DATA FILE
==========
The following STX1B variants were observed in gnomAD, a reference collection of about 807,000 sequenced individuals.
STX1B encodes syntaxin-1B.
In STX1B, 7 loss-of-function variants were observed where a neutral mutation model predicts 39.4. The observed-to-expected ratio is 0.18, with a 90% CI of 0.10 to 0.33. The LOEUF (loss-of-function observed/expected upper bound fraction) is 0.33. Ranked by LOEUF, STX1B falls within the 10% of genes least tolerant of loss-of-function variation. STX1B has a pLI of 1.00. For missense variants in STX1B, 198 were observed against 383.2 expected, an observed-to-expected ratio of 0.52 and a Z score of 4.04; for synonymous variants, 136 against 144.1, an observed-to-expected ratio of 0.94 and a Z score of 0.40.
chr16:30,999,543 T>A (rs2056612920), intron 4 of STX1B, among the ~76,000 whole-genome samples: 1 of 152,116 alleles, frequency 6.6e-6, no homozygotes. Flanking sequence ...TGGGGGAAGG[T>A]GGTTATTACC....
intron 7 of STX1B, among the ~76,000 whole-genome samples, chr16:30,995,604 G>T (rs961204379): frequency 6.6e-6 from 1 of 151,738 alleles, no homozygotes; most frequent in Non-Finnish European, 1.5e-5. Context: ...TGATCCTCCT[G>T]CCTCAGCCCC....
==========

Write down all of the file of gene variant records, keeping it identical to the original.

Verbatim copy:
The following STX1B variants were observed in gnomAD, a reference collection of about 807,000 sequenced individuals.
STX1B encodes syntaxin-1B.
In STX1B, 7 loss-of-function variants were observed where a neutral mutation model predicts 39.4. The observed-to-expected ratio is 0.18, with a 90% CI of 0.10 to 0.33. The LOEUF (loss-of-function observed/expected upper bound fraction) is 0.33. Ranked by LOEUF, STX1B falls within the 10% of genes least tolerant of loss-of-function variation. STX1B has a pLI of 1.00. For missense variants in STX1B, 198 were observed against 383.2 expected, an observed-to-expected ratio of 0.52 and a Z score of 4.04; for synonymous variants, 136 against 144.1, an observed-to-expected ratio of 0.94 and a Z score of 0.40.
chr16:30,999,543 T>A (rs2056612920), intron 4 of STX1B, among the ~76,000 whole-genome samples: 1 of 152,116 alleles, frequency 6.6e-6, no homozygotes. Flanking sequence ...TGGGGGAAGG[T>A]GGTTATTACC....
intron 7 of STX1B, among the ~76,000 whole-genome samples, chr16:30,995,604 G>T (rs961204379): frequency 6.6e-6 from 1 of 151,738 alleles, no homozygotes; most frequent in Non-Finnish European, 1.5e-5. Context: ...TGATCCTCCT[G>T]CCTCAGCCCC....